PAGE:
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Manual Pages  — POPEN


popen, pclose – process I/O



Standard C Library (libc, -lc)


#include <stdio.h>

popen(const char *command, const char *type);

pclose(FILE *stream);


The popen() function "opens" a process by creating a bidirectional pipe forking, and invoking the shell. Any streams opened by previous popen() calls in the parent process are closed in the new child process. Historically, popen() was implemented with a unidirectional pipe; hence many implementations of popen() only allow the type argument to specify reading or writing, not both. Since popen() is now implemented using a bidirectional pipe, the type argument may request a bidirectional data flow. The type argument is a pointer to a null-terminated string which must be ‘r’ for reading, ‘w’ for writing, or ‘r+’ for reading and writing.

A letter ‘e’ may be appended to that to request that the underlying file descriptor be set close-on-exec.

The command argument is a pointer to a null-terminated string containing a shell command line. This command is passed to /bin/sh using the -c flag; interpretation, if any, is performed by the shell.

The return value from popen() is a normal standard I/O stream in all respects save that it must be closed with pclose() rather than fclose(). Writing to such a stream writes to the standard input of the command; the command's standard output is the same as that of the process that called popen(), unless this is altered by the command itself. Conversely, reading from a "popened" stream reads the command's standard output, and the command's standard input is the same as that of the process that called popen().

Note that output popen() streams are fully buffered by default.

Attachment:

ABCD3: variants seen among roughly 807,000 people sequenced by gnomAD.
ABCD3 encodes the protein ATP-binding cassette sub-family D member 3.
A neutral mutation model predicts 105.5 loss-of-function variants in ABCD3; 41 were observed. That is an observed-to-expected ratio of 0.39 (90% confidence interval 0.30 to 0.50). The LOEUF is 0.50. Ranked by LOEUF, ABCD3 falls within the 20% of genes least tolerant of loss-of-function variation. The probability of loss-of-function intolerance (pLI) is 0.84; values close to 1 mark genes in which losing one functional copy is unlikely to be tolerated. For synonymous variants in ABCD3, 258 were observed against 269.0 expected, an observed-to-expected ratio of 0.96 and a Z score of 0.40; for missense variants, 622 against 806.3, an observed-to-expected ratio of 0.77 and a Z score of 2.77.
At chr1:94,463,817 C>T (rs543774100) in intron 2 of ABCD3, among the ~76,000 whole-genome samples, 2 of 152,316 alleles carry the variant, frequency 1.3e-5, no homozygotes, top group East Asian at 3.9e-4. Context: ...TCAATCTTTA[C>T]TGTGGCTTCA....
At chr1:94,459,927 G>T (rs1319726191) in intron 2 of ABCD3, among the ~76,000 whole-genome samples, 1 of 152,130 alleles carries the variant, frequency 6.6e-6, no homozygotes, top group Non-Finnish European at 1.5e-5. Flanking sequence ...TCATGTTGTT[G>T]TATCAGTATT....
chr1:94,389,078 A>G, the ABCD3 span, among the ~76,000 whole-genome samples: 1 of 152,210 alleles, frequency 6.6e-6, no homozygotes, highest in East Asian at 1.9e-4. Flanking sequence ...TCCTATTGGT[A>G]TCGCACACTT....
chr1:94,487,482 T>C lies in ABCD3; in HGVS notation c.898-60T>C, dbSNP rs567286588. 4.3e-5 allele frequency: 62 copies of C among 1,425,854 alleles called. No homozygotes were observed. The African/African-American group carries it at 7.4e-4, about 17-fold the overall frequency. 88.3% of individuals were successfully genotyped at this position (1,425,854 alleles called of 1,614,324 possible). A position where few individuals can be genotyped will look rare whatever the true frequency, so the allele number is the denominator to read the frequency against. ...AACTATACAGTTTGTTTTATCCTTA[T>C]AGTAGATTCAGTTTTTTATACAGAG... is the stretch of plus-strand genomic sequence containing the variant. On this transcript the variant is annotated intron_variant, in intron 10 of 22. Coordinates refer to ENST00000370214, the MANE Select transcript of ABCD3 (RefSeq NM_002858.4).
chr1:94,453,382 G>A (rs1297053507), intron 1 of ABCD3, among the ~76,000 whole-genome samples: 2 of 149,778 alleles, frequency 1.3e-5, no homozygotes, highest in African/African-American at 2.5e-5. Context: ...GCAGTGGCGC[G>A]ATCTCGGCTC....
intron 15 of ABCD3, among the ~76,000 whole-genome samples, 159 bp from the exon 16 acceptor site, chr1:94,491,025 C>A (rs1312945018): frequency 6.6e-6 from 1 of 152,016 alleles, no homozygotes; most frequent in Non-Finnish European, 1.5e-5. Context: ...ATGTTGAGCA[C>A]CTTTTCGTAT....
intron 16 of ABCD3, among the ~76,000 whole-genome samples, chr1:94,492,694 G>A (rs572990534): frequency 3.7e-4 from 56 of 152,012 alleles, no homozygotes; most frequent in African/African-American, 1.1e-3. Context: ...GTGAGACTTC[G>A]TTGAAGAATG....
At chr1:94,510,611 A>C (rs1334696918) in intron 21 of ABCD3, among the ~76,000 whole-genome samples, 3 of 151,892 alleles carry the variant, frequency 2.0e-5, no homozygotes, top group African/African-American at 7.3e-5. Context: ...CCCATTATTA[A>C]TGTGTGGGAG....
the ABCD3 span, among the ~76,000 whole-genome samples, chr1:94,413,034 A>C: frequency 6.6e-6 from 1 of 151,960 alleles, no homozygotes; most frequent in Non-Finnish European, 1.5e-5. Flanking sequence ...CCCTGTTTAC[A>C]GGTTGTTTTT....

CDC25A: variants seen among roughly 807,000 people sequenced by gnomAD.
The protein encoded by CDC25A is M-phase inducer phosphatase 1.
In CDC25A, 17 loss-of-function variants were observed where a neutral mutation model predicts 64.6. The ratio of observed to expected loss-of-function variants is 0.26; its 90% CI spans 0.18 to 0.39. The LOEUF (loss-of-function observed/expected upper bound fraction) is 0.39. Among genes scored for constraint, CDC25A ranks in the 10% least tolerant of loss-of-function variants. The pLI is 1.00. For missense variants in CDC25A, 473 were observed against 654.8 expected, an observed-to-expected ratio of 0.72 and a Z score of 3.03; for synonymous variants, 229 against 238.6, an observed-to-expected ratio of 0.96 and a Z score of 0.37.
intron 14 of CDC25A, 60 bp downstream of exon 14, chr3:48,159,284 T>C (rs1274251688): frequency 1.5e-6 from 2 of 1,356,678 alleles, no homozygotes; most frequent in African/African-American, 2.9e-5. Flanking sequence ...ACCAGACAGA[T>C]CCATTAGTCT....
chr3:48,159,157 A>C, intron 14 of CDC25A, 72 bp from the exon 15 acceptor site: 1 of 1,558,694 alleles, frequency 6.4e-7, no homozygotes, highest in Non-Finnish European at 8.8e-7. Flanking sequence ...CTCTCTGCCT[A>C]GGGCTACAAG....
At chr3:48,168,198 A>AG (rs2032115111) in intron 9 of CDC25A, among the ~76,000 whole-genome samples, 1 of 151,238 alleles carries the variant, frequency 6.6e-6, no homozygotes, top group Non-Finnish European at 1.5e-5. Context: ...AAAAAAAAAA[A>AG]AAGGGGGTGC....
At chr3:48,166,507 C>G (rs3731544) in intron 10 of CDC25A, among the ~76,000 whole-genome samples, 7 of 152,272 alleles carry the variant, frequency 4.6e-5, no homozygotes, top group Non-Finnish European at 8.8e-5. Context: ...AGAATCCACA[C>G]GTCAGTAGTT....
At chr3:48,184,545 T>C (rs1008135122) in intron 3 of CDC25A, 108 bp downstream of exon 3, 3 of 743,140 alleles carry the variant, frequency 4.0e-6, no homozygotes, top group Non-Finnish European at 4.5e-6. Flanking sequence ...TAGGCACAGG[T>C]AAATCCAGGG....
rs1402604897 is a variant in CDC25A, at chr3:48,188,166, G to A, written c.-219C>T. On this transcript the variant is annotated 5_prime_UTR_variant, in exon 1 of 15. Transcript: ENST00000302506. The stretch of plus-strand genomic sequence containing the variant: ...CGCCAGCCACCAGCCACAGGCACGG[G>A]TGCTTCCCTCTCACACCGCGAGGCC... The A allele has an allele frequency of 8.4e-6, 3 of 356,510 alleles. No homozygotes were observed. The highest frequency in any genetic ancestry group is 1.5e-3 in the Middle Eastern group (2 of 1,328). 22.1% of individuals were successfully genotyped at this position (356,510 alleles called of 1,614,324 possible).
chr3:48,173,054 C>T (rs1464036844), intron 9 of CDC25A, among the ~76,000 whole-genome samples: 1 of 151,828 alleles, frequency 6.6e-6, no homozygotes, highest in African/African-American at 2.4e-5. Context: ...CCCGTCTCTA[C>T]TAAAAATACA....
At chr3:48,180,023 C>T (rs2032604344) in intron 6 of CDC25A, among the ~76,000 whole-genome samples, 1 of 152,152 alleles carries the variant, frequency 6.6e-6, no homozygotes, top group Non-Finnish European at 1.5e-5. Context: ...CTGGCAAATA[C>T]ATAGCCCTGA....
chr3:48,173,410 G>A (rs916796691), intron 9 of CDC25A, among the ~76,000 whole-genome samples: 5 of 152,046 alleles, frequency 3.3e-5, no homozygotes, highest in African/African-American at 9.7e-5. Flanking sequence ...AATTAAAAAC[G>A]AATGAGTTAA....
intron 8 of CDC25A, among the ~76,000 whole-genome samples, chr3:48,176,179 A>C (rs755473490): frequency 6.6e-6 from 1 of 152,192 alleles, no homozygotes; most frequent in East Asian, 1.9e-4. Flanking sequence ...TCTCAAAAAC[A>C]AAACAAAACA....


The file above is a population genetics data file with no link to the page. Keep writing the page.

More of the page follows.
The pclose() function waits for the associated process to terminate and returns the exit status of the command as returned by wait4(2).


The popen() function returns NULL if the fork(2) or pipe(2) calls fail, or if it cannot allocate memory.

The pclose() function returns -1 if stream is not associated with a "popened" command, if stream already "pclosed", or if wait4(2) returns an error.


The popen() function does not reliably set errno.


sh(1), fork(2), pipe(2), wait4(2), fclose(3), fflush(3), fopen(3), stdio(3), system(3)


A popen() and a pclose() function appeared in AT&T v7 .

Bidirectional functionality was added in FreeBSD 2.2.6 .


Since the standard input of a command opened for reading shares its seek offset with the process that called popen(), if the original process has done a buffered read, the command's input position may not be as expected. Similarly, the output from a command opened for writing may become intermingled with that of the original process. The latter can be avoided by calling fflush(3) before popen().

Failure to execute the shell is indistinguishable from the shell's failure to execute command, or an immediate exit of the command. The only hint is an exit status of 127.

The popen() function always calls sh(1), never calls csh(1).

POPEN (3) May 20, 2013

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